GOFER: I donít understand why you are so upset. Tell me what happened between yesterday and today? Huh? Yesterday it was all right if I had kilt him, but today itís not? So long as its done in the dark thatís okay, but to see it in the daylight does that make the difference? Iím no more headed to hell than you are. I am just as much a Christian as you are, all bound for glory.

MRS. PORTERFIELD: Then God forgive us all.

SHERIFF & CAPTíN MICHEALS: [Enter stage right]

MR. PORTERFIELD: Glad you got here. I want you to get this trash off my front porch!

SHERIFF: Whatís the problem, Mrs. Porterfield?

MR. PORTERFIELD: Gofer here just admitted to takiní a nigra boy down to the lake and killiní him.

CAPTíN MICHEALS: [Climbing up on the porch] Is that true Gofer?

GOFER: [Standing uneasy] Sure itís true, that was the same nigra that kilt McDuffey.

SHERIFF: Are you sure Gofer?

GOFER: [Getting down from the porch] Sure, I sure.

CAPTíN MICHEALS: Who gave you the order to kill this colored boy?

GOFER: [Uncomfortable] Who needs orders. I was just doiní my duty as a regulator.

SHERIFF: Or were you just protectiní yourself, Gofer?

GOFER: Protectiní myself from what? I ainít done nothiní wrong.

SHERIFF: From the murder of McDuffey last night.

CAPTíN MICHEALS: The Sheriff here feels that you, George, and Riley killed McDuffey last night and blamed it on a nigra boy. Is that true Gofer?

GOFER: [Growing nervous] Naw Sir, itís not true! Me, and George, and Riley, see we horsed whipped a uppity nigger boy last night.

CAPTíN MICHEALS: The same one you took down to the lake?

GOFER: Yess, I mean no sir. See we thought we kilt him last night.

SHERIFF: Let me have your gun Gofer.

GOFER: You see, we kilt him last night but he didnít die.

SHERIFF: [Walking closer] I just need your gun Gofer.

GOFER: But you donít understand.

CAPTíN MICHEALS: We understand Gofer. Just give him your gun.

GOFER: [Backing up] No Sir, you donít understand. I ainít kilt no McDuffey and I ainít horse whipped no white man.

MRS. PORTERFIELD: We believe ya Gofer. Just give the sheriff your gun.

GOFER: [Pulling the gun from his belt] Captín, I ainít done nothiní wrong.

SHERIFF: [With one out stretched hand and the other on his gun, he approaches the retreating GOFER] The gun Gofer, the gun.

JAMES: [Calling from off stage, then running on stage, right; right pass GOFER] Mrs. Porterfield! Mrs. Porterfield! You gotta come quick!

SHERIFF: [Approaches GOFER in the confusion disarming him]

MRS. PORTERFIELD: What is it James?

JAMES: Down by the lake, the lake.

CAPTíN MICHEALS: What is it James?

JAMES: I saw

MRS. PORTERFIELD: Did you see the colored boy? Huh?

JAMES: Naw Mamr, . . .I saw Mr. Riley!

CAPTíN MICHEALS: What was he doiní?

JAMES: Taíwerenít doiní nothiní cause heís dead!

MRS. PORTERFIELD: How James?

JAMES: [Pointing at GOFER] Like he said, shot in the head three times.

SHERIFF: [Grabbing GOFER and putting on hand cuffs] Turn around Gofer. Youíre under arrest for murder.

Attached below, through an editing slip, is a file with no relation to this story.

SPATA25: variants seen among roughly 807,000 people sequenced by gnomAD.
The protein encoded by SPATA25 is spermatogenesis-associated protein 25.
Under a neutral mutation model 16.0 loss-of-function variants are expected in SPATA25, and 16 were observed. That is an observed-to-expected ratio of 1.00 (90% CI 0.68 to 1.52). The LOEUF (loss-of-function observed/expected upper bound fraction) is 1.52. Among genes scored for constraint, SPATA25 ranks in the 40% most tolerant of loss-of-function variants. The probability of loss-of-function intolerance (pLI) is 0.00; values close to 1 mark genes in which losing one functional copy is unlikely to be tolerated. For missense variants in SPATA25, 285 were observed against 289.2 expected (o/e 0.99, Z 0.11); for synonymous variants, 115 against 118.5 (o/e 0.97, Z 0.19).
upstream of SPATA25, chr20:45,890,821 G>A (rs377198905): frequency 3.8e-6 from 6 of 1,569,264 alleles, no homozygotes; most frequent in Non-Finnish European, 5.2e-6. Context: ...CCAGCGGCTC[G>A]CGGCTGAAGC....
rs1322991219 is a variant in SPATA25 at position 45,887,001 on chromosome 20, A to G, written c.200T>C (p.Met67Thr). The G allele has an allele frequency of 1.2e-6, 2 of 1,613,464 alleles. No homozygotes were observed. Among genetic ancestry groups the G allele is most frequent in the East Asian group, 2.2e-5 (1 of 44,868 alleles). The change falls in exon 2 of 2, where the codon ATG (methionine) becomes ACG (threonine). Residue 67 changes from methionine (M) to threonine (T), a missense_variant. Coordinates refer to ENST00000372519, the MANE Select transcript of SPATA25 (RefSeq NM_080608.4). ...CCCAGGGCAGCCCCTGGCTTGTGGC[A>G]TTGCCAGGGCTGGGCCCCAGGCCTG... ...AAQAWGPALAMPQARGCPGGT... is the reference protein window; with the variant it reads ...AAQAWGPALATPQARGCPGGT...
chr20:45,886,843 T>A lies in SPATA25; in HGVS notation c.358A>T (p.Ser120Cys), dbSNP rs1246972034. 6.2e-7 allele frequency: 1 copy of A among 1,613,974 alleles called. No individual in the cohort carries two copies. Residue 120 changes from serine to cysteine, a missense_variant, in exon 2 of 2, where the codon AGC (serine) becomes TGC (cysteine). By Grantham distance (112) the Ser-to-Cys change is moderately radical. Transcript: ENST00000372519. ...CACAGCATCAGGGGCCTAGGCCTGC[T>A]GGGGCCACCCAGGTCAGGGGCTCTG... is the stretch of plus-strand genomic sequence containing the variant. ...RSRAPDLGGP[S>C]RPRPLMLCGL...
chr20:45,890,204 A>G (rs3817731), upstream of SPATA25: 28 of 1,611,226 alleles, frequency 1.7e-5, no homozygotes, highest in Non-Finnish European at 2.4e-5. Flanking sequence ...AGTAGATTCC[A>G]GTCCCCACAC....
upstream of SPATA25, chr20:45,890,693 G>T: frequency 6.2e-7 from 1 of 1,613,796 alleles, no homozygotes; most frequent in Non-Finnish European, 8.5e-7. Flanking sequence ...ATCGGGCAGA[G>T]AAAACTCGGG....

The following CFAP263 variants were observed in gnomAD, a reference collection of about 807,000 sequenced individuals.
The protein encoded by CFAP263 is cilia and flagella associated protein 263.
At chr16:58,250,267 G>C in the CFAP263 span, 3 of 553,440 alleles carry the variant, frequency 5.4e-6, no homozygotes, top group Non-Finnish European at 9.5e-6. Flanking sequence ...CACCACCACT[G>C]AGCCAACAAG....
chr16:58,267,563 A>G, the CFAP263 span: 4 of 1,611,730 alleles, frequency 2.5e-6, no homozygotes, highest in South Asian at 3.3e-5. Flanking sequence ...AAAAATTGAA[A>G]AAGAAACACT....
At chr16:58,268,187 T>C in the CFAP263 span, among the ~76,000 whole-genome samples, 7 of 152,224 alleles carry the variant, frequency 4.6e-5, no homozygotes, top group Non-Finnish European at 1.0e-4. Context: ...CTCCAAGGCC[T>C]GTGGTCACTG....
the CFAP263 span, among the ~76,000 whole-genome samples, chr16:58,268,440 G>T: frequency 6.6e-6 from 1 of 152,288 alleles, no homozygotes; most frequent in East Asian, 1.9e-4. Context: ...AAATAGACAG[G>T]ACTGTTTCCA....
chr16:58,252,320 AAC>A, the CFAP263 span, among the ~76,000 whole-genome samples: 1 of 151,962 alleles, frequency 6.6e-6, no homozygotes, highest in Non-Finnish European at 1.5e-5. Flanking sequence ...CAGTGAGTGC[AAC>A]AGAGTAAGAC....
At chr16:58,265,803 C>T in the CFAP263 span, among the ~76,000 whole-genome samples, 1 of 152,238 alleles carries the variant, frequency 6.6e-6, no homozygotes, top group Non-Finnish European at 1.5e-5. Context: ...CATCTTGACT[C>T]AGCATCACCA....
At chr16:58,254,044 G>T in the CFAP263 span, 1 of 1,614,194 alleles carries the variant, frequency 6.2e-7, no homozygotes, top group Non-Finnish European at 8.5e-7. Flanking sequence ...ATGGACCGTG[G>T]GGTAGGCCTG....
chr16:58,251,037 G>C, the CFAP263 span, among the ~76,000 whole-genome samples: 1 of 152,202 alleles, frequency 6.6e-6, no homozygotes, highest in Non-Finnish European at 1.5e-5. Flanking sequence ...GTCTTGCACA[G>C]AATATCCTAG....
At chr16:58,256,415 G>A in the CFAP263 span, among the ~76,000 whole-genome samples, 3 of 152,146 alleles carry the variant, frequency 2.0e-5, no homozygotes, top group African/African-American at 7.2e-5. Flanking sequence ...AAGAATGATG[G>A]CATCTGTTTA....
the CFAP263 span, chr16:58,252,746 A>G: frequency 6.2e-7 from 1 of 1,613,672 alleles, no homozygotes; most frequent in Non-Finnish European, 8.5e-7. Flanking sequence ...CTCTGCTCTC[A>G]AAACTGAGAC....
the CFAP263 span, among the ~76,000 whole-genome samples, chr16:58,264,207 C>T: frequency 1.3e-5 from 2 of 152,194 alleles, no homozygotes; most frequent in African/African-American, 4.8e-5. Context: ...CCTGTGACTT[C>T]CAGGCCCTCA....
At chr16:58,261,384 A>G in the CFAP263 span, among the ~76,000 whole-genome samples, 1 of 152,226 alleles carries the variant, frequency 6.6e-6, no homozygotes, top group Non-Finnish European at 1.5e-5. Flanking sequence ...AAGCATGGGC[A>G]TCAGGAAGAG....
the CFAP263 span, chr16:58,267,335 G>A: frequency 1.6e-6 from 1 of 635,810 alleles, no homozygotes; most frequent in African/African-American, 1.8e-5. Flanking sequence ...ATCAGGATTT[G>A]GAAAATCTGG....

GOFER: [Beginning to howl] I tell ya, it was the nigra boy I shot! I swear I did!

CAPTíN MICHEALS: Yeah Gofer, we believe ya.

SHERIFF: Well, you wonít have to worry about that anymore.

CAPTíN MICHEALS: Gofer, what in hell were you and George doiní? Did you actually think that you could kill two men and get away with it? Huh?

GOFER: [Sobbing wildly] I tell ya the truth Captín I ainít kilt no white man! I ainít kilt no McDuffey, and I didnít kilt no Riley! But I tell ya

CAPTíN MICHEALS: [Interrupting] Then tell me who did. and donít hand me no story about a nigra boy, just tell me it was an accident or somethiní. You didnít mean for it to happen. Maybe, George lost control we all know how he loves to drink, but just stop telliní lies!

GOFER: [No answer, but sobs even greater as if his head was about to explode]

CAPTíN MICHEALS: [Discussed, he turns and talks with the Sheriff]
I donít know what has happened, both he and George were good people, Why they would turn on one another is a mystery to me.

SHERIFF: Well, somethiní happened. McDuffeyís dead and now Riley. Somethiní had to set them off. Can you watch Gofer here while I go down and see what I can find out with Riley?

CAPTíN MICHEALS: Sure, but leave his gun with me for my protection.

SHERIFF: [Handing the gun to CAPTíN MICHEALS] Donít shot him unless you have to. Iíll call in and get some back up to take him off your hands as soon as possible, maybe fifteen to twenty minutes. [To JAMES] James catch your breath, but I need you to take me down by the lake to view the body, yea hear? [To MRS. PORTERFIELD] Mrs. Porterfield, I gonna need you to contact Doc. Gibbs for me and get him down here just as soon as possible. Donít let him put you off none, heís the closest thing we got to a coroner. Tell him I need him down at the lake to verify a killiní. [To JAMES] Letís go James.

JAMES: [Still trying to catch his breath] Yeah Sir.

STRANGER: [Enters, stage right slowly]

GOFER: THATíS HIM! THATíS HIM!!

STRANGER: [Slowly approaches the SHERIFF and JAMES]

SHERIFF: Boy. Hold it right there.

STRANGER: [Stops]